The House on Friday approved a Democratic bill that would set rules for the government’s eavesdropping on phone calls and e-mails inside the United States. The bill, approved as lawmakers departed for a two-week break, faces a veto threat from President Bush. The margin of House approval was 213-197, largely along party lines.

Because of the promised veto, “this vote has no impact at all,” said Republican Whip Rep. Roy Blunt of Missouri.

The president’s main objection is that the bill does not protect from lawsuits the telecommunications companies that allowed the government to eavesdrop on their customers without a court’s permission after the Sept. 11, 2001, terrorist attacks. White House spokesman Tony Fratto called the measure a “political ploy” designed to give Democrats cover for their failure to grant full retroactive immunity to the telecom companies.

The vote sent the bill to the Senate, which has passed its own version that includes the legal immunity for telecom companies that Bush is demanding.

Without that provision, House Republicans said, the companies won’t cooperate with U.S. intelligence.

“We cannot conduct foreign surveillance without them. But if we continue to subject them to billion-dollar lawsuits, we risk losing their cooperation in the future,” said Rep. Lamar Smith, R-Texas.

The government does have the power to compel telecommunications companies to cooperate with wiretaps if it gets warrants from a secret court. The government apparently did not get such warrants before initiating the post-9/11 wiretaps, which are the basis for the lawsuits.

House Intelligence Committee Chairman Silvestre Reyes, D-Texas, said the bill is meant to fix that. It would let a judge determine whether lawsuits should be dismissed, rather than having Congress make that decision.

“I believe that the nation is deeply concerned about what has gone on for the last seven years, and I want to restore some of the trust in the intelligence community,” Reyes said.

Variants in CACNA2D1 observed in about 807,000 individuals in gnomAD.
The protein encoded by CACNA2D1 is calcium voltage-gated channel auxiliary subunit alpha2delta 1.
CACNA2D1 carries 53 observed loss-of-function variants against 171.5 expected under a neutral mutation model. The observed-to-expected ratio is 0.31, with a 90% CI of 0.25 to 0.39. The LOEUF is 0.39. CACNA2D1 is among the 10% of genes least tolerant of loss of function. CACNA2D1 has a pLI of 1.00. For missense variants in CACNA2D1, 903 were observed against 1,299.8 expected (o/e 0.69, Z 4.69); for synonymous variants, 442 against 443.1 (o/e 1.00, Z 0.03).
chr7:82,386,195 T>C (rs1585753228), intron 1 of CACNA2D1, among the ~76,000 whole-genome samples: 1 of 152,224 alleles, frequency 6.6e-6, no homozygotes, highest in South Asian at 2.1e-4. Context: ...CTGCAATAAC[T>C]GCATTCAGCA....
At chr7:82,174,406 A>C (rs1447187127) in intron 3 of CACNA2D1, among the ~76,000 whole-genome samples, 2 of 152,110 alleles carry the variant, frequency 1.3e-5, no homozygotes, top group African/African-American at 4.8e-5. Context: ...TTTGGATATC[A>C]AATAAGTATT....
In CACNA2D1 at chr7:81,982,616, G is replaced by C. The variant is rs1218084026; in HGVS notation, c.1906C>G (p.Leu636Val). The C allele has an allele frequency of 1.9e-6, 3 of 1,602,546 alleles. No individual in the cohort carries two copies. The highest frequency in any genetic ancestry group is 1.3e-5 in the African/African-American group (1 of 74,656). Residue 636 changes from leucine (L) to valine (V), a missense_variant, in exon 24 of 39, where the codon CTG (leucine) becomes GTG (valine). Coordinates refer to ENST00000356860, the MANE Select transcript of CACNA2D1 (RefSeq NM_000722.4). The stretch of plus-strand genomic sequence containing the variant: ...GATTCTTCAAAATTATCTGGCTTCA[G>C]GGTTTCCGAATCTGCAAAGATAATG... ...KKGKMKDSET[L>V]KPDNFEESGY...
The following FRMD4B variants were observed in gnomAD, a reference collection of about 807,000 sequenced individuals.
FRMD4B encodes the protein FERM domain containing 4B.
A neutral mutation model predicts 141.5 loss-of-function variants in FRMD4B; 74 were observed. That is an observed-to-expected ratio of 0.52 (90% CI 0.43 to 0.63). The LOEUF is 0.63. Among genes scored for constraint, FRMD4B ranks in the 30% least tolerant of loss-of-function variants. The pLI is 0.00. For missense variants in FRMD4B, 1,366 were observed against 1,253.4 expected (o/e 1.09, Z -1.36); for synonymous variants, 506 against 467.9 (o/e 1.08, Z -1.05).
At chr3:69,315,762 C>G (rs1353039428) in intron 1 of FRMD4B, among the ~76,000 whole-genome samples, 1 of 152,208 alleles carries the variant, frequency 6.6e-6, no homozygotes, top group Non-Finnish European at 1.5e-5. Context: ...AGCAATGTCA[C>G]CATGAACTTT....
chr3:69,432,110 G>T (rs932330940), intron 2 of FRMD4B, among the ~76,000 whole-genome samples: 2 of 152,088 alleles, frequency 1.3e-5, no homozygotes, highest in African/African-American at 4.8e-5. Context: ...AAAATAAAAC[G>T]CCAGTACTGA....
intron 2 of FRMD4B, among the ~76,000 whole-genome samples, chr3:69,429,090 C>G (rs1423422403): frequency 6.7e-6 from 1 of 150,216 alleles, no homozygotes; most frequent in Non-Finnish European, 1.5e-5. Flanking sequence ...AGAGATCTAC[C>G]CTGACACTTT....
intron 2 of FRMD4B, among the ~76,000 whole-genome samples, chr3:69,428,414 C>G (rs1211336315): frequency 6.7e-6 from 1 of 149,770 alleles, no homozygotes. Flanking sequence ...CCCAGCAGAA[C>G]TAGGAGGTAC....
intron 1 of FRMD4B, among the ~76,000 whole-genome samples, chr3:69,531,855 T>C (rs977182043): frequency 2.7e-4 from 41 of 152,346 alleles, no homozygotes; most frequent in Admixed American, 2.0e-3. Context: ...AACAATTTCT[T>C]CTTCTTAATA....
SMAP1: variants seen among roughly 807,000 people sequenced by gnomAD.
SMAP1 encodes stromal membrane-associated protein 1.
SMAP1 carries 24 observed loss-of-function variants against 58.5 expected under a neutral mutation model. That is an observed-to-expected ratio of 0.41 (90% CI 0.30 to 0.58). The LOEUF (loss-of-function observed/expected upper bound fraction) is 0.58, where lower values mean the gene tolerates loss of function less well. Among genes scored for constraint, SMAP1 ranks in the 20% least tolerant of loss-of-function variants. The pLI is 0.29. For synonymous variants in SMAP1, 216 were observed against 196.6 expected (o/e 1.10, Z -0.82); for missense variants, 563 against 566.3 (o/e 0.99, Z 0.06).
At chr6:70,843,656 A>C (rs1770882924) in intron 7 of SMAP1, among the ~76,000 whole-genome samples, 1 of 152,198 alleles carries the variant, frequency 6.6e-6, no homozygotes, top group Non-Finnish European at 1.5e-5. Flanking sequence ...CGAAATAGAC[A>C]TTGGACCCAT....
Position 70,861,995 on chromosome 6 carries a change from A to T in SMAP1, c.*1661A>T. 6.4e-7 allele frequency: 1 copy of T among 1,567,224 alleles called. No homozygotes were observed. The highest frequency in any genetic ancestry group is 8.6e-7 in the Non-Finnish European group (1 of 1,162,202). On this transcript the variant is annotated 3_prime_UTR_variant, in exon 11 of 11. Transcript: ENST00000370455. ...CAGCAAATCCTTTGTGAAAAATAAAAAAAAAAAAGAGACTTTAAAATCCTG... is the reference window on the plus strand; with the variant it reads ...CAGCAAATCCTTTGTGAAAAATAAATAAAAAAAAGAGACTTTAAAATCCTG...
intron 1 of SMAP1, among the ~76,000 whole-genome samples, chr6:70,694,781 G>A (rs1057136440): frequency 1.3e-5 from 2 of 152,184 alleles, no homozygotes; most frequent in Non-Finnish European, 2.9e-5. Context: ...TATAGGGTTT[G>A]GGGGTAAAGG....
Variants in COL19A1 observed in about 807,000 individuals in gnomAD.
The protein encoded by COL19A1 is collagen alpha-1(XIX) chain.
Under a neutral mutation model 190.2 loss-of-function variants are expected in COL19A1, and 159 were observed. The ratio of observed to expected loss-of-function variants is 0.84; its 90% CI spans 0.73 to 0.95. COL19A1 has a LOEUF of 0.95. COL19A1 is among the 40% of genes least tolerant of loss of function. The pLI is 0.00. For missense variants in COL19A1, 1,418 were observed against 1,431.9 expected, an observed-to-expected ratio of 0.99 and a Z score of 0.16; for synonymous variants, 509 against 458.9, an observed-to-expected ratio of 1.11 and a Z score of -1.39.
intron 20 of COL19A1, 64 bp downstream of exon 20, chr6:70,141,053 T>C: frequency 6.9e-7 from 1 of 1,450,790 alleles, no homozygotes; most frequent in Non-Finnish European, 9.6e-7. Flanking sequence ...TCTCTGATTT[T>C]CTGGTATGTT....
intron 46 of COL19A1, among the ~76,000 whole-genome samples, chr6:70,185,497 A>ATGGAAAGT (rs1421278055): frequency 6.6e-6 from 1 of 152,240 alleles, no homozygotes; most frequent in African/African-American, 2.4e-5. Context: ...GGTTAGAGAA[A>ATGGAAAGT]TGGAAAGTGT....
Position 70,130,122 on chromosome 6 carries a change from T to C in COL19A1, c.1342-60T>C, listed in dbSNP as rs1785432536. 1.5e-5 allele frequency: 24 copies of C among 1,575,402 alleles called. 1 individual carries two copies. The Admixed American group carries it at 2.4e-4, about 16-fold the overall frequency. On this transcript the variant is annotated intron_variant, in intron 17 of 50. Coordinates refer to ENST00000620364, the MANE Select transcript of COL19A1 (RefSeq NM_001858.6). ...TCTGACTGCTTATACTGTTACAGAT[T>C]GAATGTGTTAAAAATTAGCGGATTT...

About 40 lawsuits have been filed against telecommunications companies by people and organizations alleging the companies violated wiretapping and privacy laws. The lawsuits have been combined and are pending before a single federal judge in California.

The Democrats’ measure would encourage the judge to review in private the secret government documents underpinning the program to decide if the companies acted lawfully.

The administration has prevented those documents from being revealed, even to a judge, by invoking the state secrets privilege. That puts the companies in a bind because they are unable to defend themselves.

Just a fraction of Congress has been granted access to the records.

Democrats argued against quashing the lawsuits without knowing in detail why the immunity is necessary.

Rep. Jane Harman, D-Calif., said the government may have as many as five ongoing clandestine surveillance programs. “Congress is not fully informed, and it would be reckless to grant retroactive immunity without knowing the scope of programs out there,” Harman said.

“All members of Congress should see those documents so they could see the breadth and scope” of the wiretapping program, said Rep. John Tierney, D-Mass.

The surveillance law is intended to help the government pursue suspected terrorists by making it easier to eavesdrop on international phone calls and e-mails between foreigners abroad and Americans in the U.S, and remove barriers to collecting purely foreign communications that pass through the United States_ for instance, foreign e-mails stored on a server.

A temporary law expired Feb. 16 before Congress was able to produce a replacement bill. Bush opposed an extension of the temporary law as a means to pressure Congress into accepting the Senate version of the surveillance legislation.

Bush and most Capitol Hill Republicans say the lawsuits are damaging national security and unfairly punish telecommunications companies for helping the government in a time of war.

“There is not one iota of evidence that the companies acted inappropriately whatsoever,” said Rep. Dan Lungren, R-Calif.

Democrats say the bill protects the privacy rights of Americans by making sure the telecommunications companies — and the wiretapping program — did not violate any laws.

“We have the opportunity to serve the protection of our country … and uphold our oath to preserve and protect the Constitution of the United States,” said House Majority Leader Steny Hoyer, D-Md. “Let us take that opportunity.”

The Democratic bill also would initiate a yearlong bipartisan panel modeled after the 9/11 Commission to investigate the administration’s so-called warrantless wiretapping program.

Friday’s vote came after House Republicans forced a rare, late-night secret session of Congress on Thursday to discuss the bill. It was the first such session of the House in a quarter century; the last one was in 1983, on U.S. support for paramilitary operations in Nicaragua. Only five closed sessions have occurred in the House since 1825.

Democratic Rep. Sheila Jackson-Lee of Texas said she didn’t believe any minds were changed on the bill.

“We couldn’t have gone more of an extra mile to make sure we’re doing the best for national security,” she said.